Introduction to Leaf Silage - part 3
Author : Louise Jakobsen
Once you have your containers ready for packing, you need to consider what material you will pack and where to source it from.
A large range of species are suitable for packing silage including hazel (Corylus spp.), beech (Fagus spp.), ash (Fraxinus spp.), willow (Salix spp.), Norway maple (Acer platanoides), birch (Betulus spp.), sweet chestnut (Castanea sativa) and many more.
Other plants have also been trialled including nettles and thistles. These may require a little more effort and attempts to get right as the material tend to become quite wet. But it has been done!
Depending on the size of your container, you may need to plan the sourcing of the material in advance.
If you require large amounts, it is worth checking with your horticultural department/council/local tree surgeons if they are due to carry out any tree maintenance as this would be a useful source. A lot of the time, tree work is done during winter, but you may be in luck.
One UK zoo has changed their tree work maintenance scheme to be done when the trees are in leaf in order to better utilise the material which would otherwise be wasted.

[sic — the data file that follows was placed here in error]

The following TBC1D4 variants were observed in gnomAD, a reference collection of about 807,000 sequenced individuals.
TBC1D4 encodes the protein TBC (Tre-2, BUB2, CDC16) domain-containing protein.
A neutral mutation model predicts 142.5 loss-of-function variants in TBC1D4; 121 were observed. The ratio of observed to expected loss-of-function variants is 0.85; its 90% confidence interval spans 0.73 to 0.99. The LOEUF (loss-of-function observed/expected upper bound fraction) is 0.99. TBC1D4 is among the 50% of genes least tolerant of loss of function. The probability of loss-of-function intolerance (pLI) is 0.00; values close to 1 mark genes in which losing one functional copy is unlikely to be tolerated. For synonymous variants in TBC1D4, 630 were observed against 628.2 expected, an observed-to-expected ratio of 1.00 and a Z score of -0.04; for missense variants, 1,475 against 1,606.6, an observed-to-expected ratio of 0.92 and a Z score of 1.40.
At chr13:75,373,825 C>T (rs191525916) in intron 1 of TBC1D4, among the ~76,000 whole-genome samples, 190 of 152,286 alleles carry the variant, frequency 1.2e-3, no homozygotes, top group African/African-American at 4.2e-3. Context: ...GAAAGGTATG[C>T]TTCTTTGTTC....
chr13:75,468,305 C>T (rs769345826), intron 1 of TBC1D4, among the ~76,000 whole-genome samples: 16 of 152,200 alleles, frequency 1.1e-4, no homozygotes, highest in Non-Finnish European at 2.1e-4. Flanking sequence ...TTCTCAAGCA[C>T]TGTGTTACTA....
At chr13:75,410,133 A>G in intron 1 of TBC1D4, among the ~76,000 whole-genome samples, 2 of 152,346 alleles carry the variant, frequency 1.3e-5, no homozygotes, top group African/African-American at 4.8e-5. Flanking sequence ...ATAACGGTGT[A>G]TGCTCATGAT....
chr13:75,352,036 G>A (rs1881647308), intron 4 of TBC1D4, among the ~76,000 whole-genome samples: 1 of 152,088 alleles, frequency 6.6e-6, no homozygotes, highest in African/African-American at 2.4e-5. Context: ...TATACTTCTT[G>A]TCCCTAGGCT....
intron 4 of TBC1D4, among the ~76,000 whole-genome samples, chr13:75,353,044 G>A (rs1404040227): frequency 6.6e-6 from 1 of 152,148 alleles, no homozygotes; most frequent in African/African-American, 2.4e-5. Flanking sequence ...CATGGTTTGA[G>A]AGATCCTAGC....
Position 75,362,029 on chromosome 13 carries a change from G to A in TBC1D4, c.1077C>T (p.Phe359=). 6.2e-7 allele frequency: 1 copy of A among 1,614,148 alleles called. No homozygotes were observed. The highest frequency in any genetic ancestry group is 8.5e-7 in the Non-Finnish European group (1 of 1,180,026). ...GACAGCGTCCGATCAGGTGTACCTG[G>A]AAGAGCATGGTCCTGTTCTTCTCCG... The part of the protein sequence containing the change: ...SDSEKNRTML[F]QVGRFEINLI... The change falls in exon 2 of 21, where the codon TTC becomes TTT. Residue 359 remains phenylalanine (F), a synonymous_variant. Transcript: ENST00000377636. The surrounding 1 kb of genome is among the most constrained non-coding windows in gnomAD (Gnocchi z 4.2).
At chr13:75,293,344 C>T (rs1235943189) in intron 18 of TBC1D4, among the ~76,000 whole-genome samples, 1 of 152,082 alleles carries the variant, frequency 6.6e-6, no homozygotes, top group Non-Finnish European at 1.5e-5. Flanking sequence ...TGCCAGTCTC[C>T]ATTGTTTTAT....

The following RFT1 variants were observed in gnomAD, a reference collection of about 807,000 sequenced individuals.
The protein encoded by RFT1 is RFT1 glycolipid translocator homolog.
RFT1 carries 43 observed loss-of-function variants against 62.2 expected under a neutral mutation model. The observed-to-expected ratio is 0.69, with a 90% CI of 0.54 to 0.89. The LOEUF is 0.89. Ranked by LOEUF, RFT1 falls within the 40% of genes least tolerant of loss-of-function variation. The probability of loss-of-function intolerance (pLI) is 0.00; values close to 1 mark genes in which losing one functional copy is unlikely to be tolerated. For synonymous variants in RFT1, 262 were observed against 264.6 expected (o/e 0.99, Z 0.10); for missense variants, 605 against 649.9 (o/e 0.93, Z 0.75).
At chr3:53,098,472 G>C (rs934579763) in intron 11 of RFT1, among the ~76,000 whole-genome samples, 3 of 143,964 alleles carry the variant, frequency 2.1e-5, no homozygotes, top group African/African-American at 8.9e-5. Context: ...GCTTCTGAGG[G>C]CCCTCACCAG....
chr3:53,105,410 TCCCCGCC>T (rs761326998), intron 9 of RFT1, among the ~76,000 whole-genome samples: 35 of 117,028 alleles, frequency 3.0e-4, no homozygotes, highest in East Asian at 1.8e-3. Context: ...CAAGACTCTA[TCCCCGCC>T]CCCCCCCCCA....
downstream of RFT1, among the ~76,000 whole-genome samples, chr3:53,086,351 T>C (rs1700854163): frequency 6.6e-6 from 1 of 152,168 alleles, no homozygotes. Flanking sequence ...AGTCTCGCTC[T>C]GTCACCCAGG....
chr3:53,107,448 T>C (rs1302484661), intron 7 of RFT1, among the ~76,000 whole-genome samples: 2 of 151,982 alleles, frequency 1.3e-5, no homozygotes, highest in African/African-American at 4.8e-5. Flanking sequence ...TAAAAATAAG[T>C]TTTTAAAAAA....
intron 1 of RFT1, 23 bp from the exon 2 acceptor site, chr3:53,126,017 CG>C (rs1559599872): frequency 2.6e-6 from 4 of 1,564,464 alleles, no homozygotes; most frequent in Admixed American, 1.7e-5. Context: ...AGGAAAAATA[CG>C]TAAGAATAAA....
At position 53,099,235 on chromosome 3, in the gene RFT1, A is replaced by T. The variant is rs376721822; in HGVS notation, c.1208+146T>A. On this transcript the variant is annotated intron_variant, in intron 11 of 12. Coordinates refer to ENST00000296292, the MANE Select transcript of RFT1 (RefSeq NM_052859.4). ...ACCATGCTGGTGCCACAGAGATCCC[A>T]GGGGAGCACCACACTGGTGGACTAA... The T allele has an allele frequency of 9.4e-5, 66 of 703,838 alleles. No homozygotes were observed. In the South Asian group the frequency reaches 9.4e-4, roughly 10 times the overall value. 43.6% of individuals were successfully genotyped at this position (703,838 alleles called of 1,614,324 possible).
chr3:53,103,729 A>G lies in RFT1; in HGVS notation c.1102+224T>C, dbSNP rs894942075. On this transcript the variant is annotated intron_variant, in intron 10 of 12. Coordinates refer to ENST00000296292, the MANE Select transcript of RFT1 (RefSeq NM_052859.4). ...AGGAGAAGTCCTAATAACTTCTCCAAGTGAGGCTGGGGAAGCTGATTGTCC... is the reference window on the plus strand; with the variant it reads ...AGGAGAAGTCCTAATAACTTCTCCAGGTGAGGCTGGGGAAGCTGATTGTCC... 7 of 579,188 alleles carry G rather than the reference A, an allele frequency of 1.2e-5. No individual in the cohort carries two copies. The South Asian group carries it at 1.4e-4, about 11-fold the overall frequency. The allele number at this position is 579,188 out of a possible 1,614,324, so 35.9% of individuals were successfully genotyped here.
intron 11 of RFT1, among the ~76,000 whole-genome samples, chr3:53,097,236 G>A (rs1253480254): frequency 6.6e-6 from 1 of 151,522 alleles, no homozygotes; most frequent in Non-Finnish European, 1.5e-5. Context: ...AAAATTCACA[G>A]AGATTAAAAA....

Your collection may also receive regular browse deliveries or donations for your animals so you could allocate some of that to be packed for silage.
If you require only a modest amount to fill your container, you can harvest as and when required.
The number one rule to remember is that it is highly recommended to make sure the container is filled the same day! Leaving a half full container for a few days to keep adding to it will cause the bottom part of the material to deteriorate and decompose. If the container is stored in a cool place and properly sealed, you may get away finishing it the following day. For the best and safest result; have enough material to fully pack your container the same day!
One last preparation is a clean working area and checking the weather forecast.
To start with the easiest: simply don’t pack silage if it is raining or the material is wet! The water will not evaporate in the container and the material will most likely be ruined. Wait for a dry day (see video).
Pick your working space with care - free of mud, excrement (not an unusual thing to find these days) and other contaminants. Listeria and clostridia are some of the bacteria to be very mindful of.
Tarmac, concrete or paved surfaces are the easiest to keep clean.
If using barrels, it’s a good idea to give them a wash with a disinfectant (e.g. Safe4) before using them for the first time and then wash them thoroughly and dry out after each use before stowing away.
Be organised when packing; have your pile of branches to one side, take a branch at the time and pick the leaves. Then dispose of the branch to the other side. This will help speed up the process and also minimise the risk of people walking all over the browse material with their contaminated work boots (something we see happen a lot unfortunately).